The Federal Budget is on Tuesday. Brace yourself for dollar signs and the word ‘delivering’ on loop.
What is the Federal Budget?
The Government has two big decisions to make: what to spend money on, and where to get that money.
It can make these decisions at any time, but the annual Budget is when everything comes together in one place.
We get to see the big picture: how much is the Government spending and collecting overall? And we also get to see the small picture: what specific choices has the Government made, and what’s new?
The big picture
We care about how much the Government spends and taxes overall because it tells us about the Government’s broad strategy.
If the Government spends more than it taxes, the Budget is in deficit, and the Government pays for the extra spending by taking on debt.
If the Government taxes more than it spends, the Budget is in surplus, and the Government uses the extra taxes to reduce the debt.
What’s debt? It’s the Government taking out a loan. It does so by selling a bond, a promise to repay at an agreed time with some level of interest.
People are more likely to buy bonds if they think a government is reliable, so wealthy countries like Australia find it fairly easy to access ‘cheap’ debt.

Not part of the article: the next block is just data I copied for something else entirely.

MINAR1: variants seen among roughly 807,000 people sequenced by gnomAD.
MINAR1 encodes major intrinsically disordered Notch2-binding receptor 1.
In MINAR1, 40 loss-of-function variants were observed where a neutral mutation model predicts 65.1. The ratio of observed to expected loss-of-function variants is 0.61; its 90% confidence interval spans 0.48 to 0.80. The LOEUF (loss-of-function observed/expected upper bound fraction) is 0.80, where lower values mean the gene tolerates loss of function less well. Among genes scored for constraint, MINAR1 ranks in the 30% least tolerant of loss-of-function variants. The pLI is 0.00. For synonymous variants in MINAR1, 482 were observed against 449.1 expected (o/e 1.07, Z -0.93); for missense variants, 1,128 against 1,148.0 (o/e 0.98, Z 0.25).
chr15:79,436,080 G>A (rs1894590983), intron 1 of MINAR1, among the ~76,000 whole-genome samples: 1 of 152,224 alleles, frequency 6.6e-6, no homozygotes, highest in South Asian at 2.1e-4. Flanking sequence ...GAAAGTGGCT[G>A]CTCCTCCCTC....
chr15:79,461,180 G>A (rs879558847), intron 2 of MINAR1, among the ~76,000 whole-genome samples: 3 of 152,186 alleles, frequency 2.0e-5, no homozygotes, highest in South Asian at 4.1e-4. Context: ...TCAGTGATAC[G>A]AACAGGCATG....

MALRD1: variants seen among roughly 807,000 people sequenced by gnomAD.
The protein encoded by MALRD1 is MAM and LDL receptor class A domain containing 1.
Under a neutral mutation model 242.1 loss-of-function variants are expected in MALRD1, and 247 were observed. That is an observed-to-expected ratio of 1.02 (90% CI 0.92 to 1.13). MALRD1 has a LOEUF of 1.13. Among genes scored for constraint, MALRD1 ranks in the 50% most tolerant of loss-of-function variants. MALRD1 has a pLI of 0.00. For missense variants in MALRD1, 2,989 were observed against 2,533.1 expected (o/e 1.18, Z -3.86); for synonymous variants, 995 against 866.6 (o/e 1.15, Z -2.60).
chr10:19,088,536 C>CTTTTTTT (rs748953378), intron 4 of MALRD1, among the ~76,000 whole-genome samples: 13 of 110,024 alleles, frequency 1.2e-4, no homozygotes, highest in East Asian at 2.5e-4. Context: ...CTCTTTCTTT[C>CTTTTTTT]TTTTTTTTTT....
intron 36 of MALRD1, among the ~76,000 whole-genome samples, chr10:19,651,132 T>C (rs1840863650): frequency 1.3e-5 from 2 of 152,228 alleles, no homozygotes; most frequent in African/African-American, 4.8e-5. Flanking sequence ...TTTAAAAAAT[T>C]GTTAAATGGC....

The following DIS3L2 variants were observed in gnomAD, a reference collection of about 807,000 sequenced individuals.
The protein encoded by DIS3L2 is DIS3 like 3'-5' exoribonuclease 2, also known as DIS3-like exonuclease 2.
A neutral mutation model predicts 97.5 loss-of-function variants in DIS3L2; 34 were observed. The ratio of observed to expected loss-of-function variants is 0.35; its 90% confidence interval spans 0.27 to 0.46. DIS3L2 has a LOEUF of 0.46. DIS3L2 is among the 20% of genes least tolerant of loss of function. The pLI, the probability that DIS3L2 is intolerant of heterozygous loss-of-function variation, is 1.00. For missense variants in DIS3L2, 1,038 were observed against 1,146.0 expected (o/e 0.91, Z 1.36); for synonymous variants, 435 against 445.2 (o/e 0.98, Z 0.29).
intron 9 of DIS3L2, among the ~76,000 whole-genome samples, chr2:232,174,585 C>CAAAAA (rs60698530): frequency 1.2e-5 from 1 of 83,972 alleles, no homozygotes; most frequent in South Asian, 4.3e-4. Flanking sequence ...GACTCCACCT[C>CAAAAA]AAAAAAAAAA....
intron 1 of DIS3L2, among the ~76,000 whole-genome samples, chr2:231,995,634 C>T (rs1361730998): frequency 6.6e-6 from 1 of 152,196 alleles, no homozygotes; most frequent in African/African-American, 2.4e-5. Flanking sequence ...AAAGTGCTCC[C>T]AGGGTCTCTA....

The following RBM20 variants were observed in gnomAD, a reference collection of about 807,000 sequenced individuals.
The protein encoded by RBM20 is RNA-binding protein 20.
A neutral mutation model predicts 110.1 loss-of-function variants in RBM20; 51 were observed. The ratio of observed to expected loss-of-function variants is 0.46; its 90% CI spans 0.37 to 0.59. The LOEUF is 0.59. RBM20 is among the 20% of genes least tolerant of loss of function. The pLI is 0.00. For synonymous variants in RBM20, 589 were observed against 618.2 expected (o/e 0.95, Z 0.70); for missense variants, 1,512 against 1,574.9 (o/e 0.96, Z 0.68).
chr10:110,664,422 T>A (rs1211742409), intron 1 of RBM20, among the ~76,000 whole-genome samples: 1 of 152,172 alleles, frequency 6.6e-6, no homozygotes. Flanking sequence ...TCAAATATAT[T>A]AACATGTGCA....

Debt isn’t bad, even though it gets a bad name. It’s just a tool to allow governments to spend today but repay tomorrow. That can be useful during a crisis, when the government has reasons to spend but doesn’t want to make people pay more taxes.
In fact, that’s a pretty good rule of thumb for how to think about debt, deficits and surpluses: when the economy is struggling, governments tend to run Budget deficits and take on more debt. When the economy is surging, governments might run surpluses, especially if they are worried they have taken on too much debt.
Finding the ‘right’ balance to suit the conditions in the economy is a subject of heated debate, which is why we take an interest in the big picture.
The small picture
But Budgets aren’t just about abstract concepts like debt, deficit, and surplus. Underneath the total amounts of spending and tax, there are thousands of small decisions: to fund one program and cut another, to raise one tax and lower another.
These ‘small’ decisions are in fact the ones we often care about the most. It’s here where the Government might decide to raise your welfare payment or fund a life-saving medical treatment (or, alternatively, to take those things away).
Dollars and sense
Budgets can contain hundreds of new spending and tax decisions, so it can be difficult to keep track, especially because the dollar amounts (a million here, a billion there) all sound big.
So here’s another rule of thumb: b is for big, m is for minor. Billions of dollars of funding can be enough to reshape an entire area of government activity. Millions of dollars of funding is not insignificant, but it’s more likely to be something on a small level, like funding a trial or a new drug.
We’ll cover the big and the small picture on Tuesday night.
We’ll do that in a series of posts, bringing the big picture together in an overview post, and splitting the smaller picture up into topic areas (health, education, welfare, etc) to make it easier to digest.